Art Local

Interview with Minouk Lim

“A Grim View of the Modern World: Minouk Lim teams up with local choreographer for collaborative exhibit at the Walker”


On the evening of May 31 Heat of Shadow, an exhibition of Korean artist Minouk Lim, opened at Walker Art Center. The exhibition space was heated with people anticipating the one-time-only performance— Firecliff 3. For this, Lim met with Minneapolis-based choreographer, Emily Johnson, for two weeks of high intensity and collaboration. This performance integrates dance, music, and readings led by Lim and Johnson themselves.

At 7 p.m. four dancers appear from the audience holding an object that is shaped like a twisted branch. At the back of the audience, the screen shows a real-time video projection of the performance that is recorded with infrared film. Wearable Sculptures (2012) by Lim, resembling various totemic devices, intermingle with the bodies as in religious rites. Lim’s poetry weaves the themes of personal memories, nature, art and politics in and out of the present, past, and future:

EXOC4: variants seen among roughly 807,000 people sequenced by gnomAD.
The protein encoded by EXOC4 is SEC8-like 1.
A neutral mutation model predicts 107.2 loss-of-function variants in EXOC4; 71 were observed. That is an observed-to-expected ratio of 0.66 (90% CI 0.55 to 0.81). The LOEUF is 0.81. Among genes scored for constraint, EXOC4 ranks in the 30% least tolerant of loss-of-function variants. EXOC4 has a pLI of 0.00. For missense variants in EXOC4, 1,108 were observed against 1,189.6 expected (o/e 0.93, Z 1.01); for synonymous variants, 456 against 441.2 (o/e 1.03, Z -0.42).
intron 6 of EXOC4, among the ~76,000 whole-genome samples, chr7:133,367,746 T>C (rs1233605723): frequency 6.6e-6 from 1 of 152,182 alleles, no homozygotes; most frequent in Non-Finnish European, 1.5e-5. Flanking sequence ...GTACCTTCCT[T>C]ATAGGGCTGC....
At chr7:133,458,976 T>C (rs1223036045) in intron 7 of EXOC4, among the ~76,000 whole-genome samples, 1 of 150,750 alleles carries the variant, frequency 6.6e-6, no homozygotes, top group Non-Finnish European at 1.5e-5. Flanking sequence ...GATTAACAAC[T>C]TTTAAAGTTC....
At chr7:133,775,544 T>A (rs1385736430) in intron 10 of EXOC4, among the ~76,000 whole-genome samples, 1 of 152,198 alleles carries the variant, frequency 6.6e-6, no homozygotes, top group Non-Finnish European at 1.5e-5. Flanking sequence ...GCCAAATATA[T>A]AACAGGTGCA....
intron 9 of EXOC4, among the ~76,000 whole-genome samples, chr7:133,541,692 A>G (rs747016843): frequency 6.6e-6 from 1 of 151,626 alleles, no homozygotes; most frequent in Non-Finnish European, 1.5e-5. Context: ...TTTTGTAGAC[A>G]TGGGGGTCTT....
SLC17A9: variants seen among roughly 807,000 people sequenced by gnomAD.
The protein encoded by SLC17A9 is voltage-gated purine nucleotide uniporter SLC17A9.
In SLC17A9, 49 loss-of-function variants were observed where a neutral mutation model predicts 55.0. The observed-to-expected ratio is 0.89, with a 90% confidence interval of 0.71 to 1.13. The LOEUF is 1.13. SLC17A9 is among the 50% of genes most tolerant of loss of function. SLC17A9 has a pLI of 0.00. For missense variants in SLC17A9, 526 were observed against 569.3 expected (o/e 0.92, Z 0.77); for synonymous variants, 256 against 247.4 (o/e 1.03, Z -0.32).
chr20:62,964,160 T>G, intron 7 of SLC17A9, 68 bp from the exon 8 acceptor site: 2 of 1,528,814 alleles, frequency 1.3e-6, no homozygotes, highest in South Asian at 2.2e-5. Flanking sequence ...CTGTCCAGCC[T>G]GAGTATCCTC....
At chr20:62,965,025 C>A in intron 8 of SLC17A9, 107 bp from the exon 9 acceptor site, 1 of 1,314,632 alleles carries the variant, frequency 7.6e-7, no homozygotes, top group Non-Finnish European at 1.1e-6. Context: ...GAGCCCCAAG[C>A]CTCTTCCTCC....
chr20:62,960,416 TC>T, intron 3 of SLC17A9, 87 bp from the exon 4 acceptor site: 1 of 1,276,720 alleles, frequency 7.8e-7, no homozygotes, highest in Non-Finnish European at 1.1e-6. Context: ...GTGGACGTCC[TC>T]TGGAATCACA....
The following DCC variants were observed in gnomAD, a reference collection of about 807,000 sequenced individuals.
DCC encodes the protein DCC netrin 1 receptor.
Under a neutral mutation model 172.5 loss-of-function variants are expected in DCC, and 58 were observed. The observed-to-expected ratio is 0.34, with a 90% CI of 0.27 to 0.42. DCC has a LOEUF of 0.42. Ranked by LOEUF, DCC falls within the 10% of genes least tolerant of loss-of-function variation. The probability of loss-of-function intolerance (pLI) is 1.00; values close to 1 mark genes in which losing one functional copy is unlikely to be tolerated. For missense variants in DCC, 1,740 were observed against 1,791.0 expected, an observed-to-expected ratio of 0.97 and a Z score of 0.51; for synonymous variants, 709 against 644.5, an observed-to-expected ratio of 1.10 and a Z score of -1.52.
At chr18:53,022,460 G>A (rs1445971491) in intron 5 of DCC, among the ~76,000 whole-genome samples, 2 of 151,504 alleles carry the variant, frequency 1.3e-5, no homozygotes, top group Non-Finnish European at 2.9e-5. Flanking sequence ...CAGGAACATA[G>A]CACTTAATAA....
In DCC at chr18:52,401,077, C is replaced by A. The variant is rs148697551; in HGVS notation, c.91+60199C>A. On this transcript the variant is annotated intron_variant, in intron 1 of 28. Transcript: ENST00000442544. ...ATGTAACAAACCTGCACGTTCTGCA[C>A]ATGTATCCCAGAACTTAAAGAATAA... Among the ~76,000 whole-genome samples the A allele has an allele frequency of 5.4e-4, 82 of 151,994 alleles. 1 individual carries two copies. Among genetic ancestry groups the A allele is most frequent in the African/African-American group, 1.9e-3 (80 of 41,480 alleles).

Rainwater welled in my head, pronouncing farewell and apocalypse. It is raining in Minneapolis/ Seoul. We had a splendid rain also in 1984 (in Minneapolis/ Seoul).

Now we (you and I) are scared of rain. Aren’t we?

The rain we have in Minneapolis/Seoul is purple.

Prince made the rain and nobody sees it in America.

Its color turns into purple when it comes down from red North to blue South.

The temperature of shadow begins with purple.

The purple rain we have today is our organ.

Lovers will die, the anonymous will die, and I will die too.

One layer of brain, stomach, hair, and genitals sank again after having dispersed into space.

When asked about what she feels about the color purple, Lim says, “Purple is the other. Color purple is substance-less one. Not exactly a color, purple is a shadow or a direction.” This “purple-like” sentiment permeates throughout Lim’s work.

When it comes to nature, Lim says her primary concern is death, as the world undergoes major catastrophes including the Fukushima earthquake, foot-and-mouth disease, and avian influenza. She adds that death makes us reflect philosophically.  When she began to work on FireCliff 3 she asked herself, “What is an art on the brink of apocalypse?”